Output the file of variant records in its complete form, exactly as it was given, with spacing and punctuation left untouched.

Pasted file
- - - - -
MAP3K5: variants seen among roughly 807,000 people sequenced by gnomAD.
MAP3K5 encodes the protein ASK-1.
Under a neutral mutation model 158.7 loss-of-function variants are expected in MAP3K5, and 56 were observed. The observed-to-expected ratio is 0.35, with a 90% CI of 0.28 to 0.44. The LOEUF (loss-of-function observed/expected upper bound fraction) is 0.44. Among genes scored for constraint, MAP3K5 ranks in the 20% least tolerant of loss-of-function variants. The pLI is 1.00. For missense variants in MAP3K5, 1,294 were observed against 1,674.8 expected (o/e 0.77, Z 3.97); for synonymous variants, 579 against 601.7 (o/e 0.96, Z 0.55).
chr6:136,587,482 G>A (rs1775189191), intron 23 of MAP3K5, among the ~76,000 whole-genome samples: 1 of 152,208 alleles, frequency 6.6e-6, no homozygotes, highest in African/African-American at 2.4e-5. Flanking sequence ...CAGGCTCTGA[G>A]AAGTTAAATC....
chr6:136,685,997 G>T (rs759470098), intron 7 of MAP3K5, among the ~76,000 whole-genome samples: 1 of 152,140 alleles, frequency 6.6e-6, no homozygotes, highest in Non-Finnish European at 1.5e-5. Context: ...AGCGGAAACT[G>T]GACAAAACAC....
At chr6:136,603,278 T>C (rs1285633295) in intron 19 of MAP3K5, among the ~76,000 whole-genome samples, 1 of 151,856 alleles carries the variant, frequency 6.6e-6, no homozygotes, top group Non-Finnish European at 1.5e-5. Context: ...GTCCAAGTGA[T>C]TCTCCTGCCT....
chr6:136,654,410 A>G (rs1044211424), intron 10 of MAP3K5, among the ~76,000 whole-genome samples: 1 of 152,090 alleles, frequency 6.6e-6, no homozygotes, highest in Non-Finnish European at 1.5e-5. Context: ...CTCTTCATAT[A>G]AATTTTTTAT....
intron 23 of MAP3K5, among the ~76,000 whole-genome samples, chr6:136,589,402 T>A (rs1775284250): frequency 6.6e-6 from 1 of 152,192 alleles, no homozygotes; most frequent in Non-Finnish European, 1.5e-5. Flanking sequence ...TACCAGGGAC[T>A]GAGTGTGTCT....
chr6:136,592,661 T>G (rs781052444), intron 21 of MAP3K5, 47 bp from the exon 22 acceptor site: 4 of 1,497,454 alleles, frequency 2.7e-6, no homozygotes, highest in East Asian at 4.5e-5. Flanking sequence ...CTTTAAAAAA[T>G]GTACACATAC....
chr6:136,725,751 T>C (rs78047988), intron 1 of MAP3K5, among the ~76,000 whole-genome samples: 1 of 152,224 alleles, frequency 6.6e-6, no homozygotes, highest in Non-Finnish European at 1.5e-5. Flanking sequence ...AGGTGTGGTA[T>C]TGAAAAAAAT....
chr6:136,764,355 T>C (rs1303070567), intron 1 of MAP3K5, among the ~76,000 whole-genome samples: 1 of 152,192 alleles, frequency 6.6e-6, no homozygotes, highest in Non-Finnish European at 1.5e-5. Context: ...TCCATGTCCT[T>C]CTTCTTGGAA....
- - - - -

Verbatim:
MAP3K5: variants seen among roughly 807,000 people sequenced by gnomAD.
MAP3K5 encodes the protein ASK-1.
Under a neutral mutation model 158.7 loss-of-function variants are expected in MAP3K5, and 56 were observed. The observed-to-expected ratio is 0.35, with a 90% CI of 0.28 to 0.44. The LOEUF (loss-of-function observed/expected upper bound fraction) is 0.44. Among genes scored for constraint, MAP3K5 ranks in the 20% least tolerant of loss-of-function variants. The pLI is 1.00. For missense variants in MAP3K5, 1,294 were observed against 1,674.8 expected (o/e 0.77, Z 3.97); for synonymous variants, 579 against 601.7 (o/e 0.96, Z 0.55).
chr6:136,587,482 G>A (rs1775189191), intron 23 of MAP3K5, among the ~76,000 whole-genome samples: 1 of 152,208 alleles, frequency 6.6e-6, no homozygotes, highest in African/African-American at 2.4e-5. Flanking sequence ...CAGGCTCTGA[G>A]AAGTTAAATC....
chr6:136,685,997 G>T (rs759470098), intron 7 of MAP3K5, among the ~76,000 whole-genome samples: 1 of 152,140 alleles, frequency 6.6e-6, no homozygotes, highest in Non-Finnish European at 1.5e-5. Context: ...AGCGGAAACT[G>T]GACAAAACAC....
At chr6:136,603,278 T>C (rs1285633295) in intron 19 of MAP3K5, among the ~76,000 whole-genome samples, 1 of 151,856 alleles carries the variant, frequency 6.6e-6, no homozygotes, top group Non-Finnish European at 1.5e-5. Context: ...GTCCAAGTGA[T>C]TCTCCTGCCT....
chr6:136,654,410 A>G (rs1044211424), intron 10 of MAP3K5, among the ~76,000 whole-genome samples: 1 of 152,090 alleles, frequency 6.6e-6, no homozygotes, highest in Non-Finnish European at 1.5e-5. Context: ...CTCTTCATAT[A>G]AATTTTTTAT....
intron 23 of MAP3K5, among the ~76,000 whole-genome samples, chr6:136,589,402 T>A (rs1775284250): frequency 6.6e-6 from 1 of 152,192 alleles, no homozygotes; most frequent in Non-Finnish European, 1.5e-5. Flanking sequence ...TACCAGGGAC[T>A]GAGTGTGTCT....
chr6:136,592,661 T>G (rs781052444), intron 21 of MAP3K5, 47 bp from the exon 22 acceptor site: 4 of 1,497,454 alleles, frequency 2.7e-6, no homozygotes, highest in East Asian at 4.5e-5. Flanking sequence ...CTTTAAAAAA[T>G]GTACACATAC....
chr6:136,725,751 T>C (rs78047988), intron 1 of MAP3K5, among the ~76,000 whole-genome samples: 1 of 152,224 alleles, frequency 6.6e-6, no homozygotes, highest in Non-Finnish European at 1.5e-5. Flanking sequence ...AGGTGTGGTA[T>C]TGAAAAAAAT....
chr6:136,764,355 T>C (rs1303070567), intron 1 of MAP3K5, among the ~76,000 whole-genome samples: 1 of 152,192 alleles, frequency 6.6e-6, no homozygotes, highest in Non-Finnish European at 1.5e-5. Context: ...TCCATGTCCT[T>C]CTTCTTGGAA....